Referring to FIGURE 2, it will be noted that the first thirty milliseconds of flight may be disregarded from the standpoint of measuring the time of flight. The next period is divided into increments of four milliseconds each to cover approximately the entire range of the line 47, there being sixteen such increments. The next period corresponding to the line 48 is divided into sixteen increments of eight milliseconds each. During operation, the contact of a ball by a golf club generates a signal in the microphone 21. This signal is gated so that only the first oscillation of the damped vibration is employed. This oscillation passes through the first amplifier 53 and the time delay unit causing a delay of thirty milliseconds. At the completion of this period, the time-of-flight unit 55 commences operation, and the gated oscillator 56 commences oscillation at 250 cycles per second. Upon cont-act of the impact screen element 13 by the ball, the photocell units 2628, or at least one of them, will cause a signal to be impressed upon the gated oscillator 56 terminating subsequent oscillation. When the point of intersection of the lines 47 and 48 is reached, the computer unit 58 operates the frequency divider 57 so that alternate pulses only are measured to permit increments of eight milliseconds (as opposed to four milliseconds) for the remaining third period. The information of the computer unit operates a binary circuit to be subsequently described, and the output thereof is then transmitted to the indicator means 16 and 17 With the foregoing discussion in View, reference is now made to FIGURE 4 in the drawing where the circuit shown in FIGURE 3 is illustrated in greater schematic detail. The microphone 21 generates a signal which is fed through a capacitor 63 to the base of a first transistor 64 (see FIGURE 40). This signal is impressed upon the base 65 of a second transistor 68 through a capacitor 66, the second transistor acting as an amplifier. The signal subsequently passes through the conductor 69 to a bi-stable multivibrator circuit 70 including a third transistor 71 and a fourth transistor 72. The output of the circuit 70 is impressed upon the grid 74 of a pentode tube 75 forming part of a Miller-sweep circuit. The output of this tube operates a trigger tube 76 controlling a bistable multivibrator circuit 78 comprising two triodes 79 and 80. The gated oscillator tube 81 is controlled by the frequency divided tube 82 upon the occurrence of sufficient bias impressed upon the latter emanating from the computer unit 58. Since the primary oscillation includes pulses from both the plate and cathode of the oscillator, the voltage divider merely arrests oscillations on the plate, causing the net oscillation to be one half that of the undivided frequency. Reference character 83 designates an amplifying triode, the output of which is fed to a driver triode which feeds this output to the computer unit.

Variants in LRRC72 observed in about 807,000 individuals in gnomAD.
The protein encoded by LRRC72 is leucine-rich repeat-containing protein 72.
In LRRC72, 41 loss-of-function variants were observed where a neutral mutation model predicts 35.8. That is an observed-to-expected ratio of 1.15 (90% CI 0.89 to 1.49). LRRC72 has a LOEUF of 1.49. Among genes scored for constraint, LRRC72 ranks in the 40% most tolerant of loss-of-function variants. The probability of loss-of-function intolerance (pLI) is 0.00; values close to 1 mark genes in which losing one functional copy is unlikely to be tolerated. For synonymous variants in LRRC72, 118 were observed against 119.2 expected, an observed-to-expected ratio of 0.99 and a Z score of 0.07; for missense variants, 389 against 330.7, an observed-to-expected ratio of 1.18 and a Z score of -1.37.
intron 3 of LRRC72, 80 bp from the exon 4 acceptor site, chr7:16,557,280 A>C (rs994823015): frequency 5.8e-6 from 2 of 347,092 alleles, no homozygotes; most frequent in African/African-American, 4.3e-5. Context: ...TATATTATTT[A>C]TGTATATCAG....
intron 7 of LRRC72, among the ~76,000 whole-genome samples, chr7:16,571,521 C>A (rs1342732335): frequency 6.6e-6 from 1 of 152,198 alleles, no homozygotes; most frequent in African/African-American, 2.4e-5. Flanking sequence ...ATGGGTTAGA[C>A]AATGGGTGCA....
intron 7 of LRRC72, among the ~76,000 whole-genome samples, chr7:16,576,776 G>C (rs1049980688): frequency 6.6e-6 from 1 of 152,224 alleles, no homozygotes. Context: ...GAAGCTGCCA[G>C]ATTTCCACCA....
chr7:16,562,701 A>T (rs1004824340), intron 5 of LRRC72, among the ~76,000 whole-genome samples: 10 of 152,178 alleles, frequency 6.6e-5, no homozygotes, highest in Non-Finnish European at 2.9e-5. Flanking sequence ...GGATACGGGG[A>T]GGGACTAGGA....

Referring to FIGURES 4a, 4b, 4c and 4d, the binary circuit, generally indicated by reference character 86, includes a first multivibr-ator circuit 87, a second multivibrator circuit 88, a third multivibator circuit 89, a fourth multivibrator circuit and a fifth multivibrator circuit 91. Each of the multivibrator circuits 87-91 operates one or more solenoid type relays 92, 93, 94, 95, 96, 97 and 98, as is well known in the art. The five multivibrators 87 91 provide thirty-two increments, the first sixteen of which correspond to the 4 millisecond increments seen in FIGURE 2, and the remaining sixteen of which correspond to the 8 millisecond increments which subsequently follow. The output of the binary computer circuit 86 is fed directly to three electronic numeral indicator or nixie tube circuits shown in FIG- URE 4 which illuminate momentarily to show the projected range of an individual drive. Referring to FIG- URE 4a, a plurality of tracing lights 105, 106 and 107 may indicate left, center or right-hand path of flight respectively. A single motor 109 drives rotary type switches 11!), 111 and 112, current passing through relay switches 113 operated by the binary computer circuit 86, indicating length of path corresponding to distance. Directional switches 114 and 115, controlled from the impact net element by members 35 and 36, determine a selection of left or right-hand paths, the same controlling relays 116 and 117. Normally, the center lights 106 will be operated. In the event that the ball strikes leftward or rightward on the impact net element, the corresponding switch will be tripped to result in flashing of the rows of lights or 107, which will appear through the translucent panel 16a forming the first indicator means 16. As the switches 113 are operated by the binary computer circuit, the number of lights flashing to indicate the path will be roughly proportional to the projected distance, so that the player has not only an indication of the number of yards of the projected drive, but an approximate visual indication of the projected path of flight as well. At the same time the nixie tubes will show the projected distance of ball travel forming the second indicator means 17.